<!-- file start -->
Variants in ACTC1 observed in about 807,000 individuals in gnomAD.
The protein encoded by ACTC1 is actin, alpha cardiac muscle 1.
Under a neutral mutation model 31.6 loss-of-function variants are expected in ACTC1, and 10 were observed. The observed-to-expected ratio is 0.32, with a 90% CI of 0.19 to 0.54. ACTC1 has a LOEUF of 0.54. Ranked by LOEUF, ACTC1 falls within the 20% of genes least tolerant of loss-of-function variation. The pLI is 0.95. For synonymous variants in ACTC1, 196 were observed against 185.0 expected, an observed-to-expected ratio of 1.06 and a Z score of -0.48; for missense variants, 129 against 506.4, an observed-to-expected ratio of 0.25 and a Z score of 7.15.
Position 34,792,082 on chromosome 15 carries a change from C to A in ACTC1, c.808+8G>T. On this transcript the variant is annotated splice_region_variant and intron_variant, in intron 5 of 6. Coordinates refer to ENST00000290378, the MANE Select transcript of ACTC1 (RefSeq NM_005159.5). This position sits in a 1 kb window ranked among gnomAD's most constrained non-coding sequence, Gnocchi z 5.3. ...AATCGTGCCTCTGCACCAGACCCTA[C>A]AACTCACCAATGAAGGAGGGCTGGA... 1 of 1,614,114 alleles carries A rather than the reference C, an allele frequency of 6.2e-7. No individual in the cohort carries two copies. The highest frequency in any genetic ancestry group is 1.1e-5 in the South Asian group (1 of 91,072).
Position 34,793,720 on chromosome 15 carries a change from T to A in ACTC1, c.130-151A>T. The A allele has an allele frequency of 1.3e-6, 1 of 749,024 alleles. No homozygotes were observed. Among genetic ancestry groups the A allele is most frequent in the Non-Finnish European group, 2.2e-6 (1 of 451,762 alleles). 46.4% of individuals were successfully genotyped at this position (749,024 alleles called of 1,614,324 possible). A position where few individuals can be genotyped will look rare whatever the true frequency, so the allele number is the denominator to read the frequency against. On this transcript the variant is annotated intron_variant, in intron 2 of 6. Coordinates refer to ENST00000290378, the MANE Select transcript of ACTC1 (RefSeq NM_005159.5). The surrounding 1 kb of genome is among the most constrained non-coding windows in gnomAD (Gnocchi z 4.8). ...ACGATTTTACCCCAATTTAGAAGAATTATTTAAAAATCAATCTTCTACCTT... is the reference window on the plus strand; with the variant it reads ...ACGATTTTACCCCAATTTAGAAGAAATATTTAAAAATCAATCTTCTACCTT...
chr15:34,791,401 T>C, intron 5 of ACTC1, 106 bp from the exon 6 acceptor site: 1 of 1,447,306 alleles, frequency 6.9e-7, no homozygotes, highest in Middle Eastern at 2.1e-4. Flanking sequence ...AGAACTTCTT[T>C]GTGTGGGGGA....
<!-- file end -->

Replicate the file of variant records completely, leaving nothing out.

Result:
Variants in ACTC1 observed in about 807,000 individuals in gnomAD.
The protein encoded by ACTC1 is actin, alpha cardiac muscle 1.
Under a neutral mutation model 31.6 loss-of-function variants are expected in ACTC1, and 10 were observed. The observed-to-expected ratio is 0.32, with a 90% CI of 0.19 to 0.54. ACTC1 has a LOEUF of 0.54. Ranked by LOEUF, ACTC1 falls within the 20% of genes least tolerant of loss-of-function variation. The pLI is 0.95. For synonymous variants in ACTC1, 196 were observed against 185.0 expected, an observed-to-expected ratio of 1.06 and a Z score of -0.48; for missense variants, 129 against 506.4, an observed-to-expected ratio of 0.25 and a Z score of 7.15.
Position 34,792,082 on chromosome 15 carries a change from C to A in ACTC1, c.808+8G>T. On this transcript the variant is annotated splice_region_variant and intron_variant, in intron 5 of 6. Coordinates refer to ENST00000290378, the MANE Select transcript of ACTC1 (RefSeq NM_005159.5). This position sits in a 1 kb window ranked among gnomAD's most constrained non-coding sequence, Gnocchi z 5.3. ...AATCGTGCCTCTGCACCAGACCCTA[C>A]AACTCACCAATGAAGGAGGGCTGGA... 1 of 1,614,114 alleles carries A rather than the reference C, an allele frequency of 6.2e-7. No individual in the cohort carries two copies. The highest frequency in any genetic ancestry group is 1.1e-5 in the South Asian group (1 of 91,072).
Position 34,793,720 on chromosome 15 carries a change from T to A in ACTC1, c.130-151A>T. The A allele has an allele frequency of 1.3e-6, 1 of 749,024 alleles. No homozygotes were observed. Among genetic ancestry groups the A allele is most frequent in the Non-Finnish European group, 2.2e-6 (1 of 451,762 alleles). 46.4% of individuals were successfully genotyped at this position (749,024 alleles called of 1,614,324 possible). A position where few individuals can be genotyped will look rare whatever the true frequency, so the allele number is the denominator to read the frequency against. On this transcript the variant is annotated intron_variant, in intron 2 of 6. Coordinates refer to ENST00000290378, the MANE Select transcript of ACTC1 (RefSeq NM_005159.5). The surrounding 1 kb of genome is among the most constrained non-coding windows in gnomAD (Gnocchi z 4.8). ...ACGATTTTACCCCAATTTAGAAGAATTATTTAAAAATCAATCTTCTACCTT... is the reference window on the plus strand; with the variant it reads ...ACGATTTTACCCCAATTTAGAAGAAATATTTAAAAATCAATCTTCTACCTT...
chr15:34,791,401 T>C, intron 5 of ACTC1, 106 bp from the exon 6 acceptor site: 1 of 1,447,306 alleles, frequency 6.9e-7, no homozygotes, highest in Middle Eastern at 2.1e-4. Flanking sequence ...AGAACTTCTT[T>C]GTGTGGGGGA....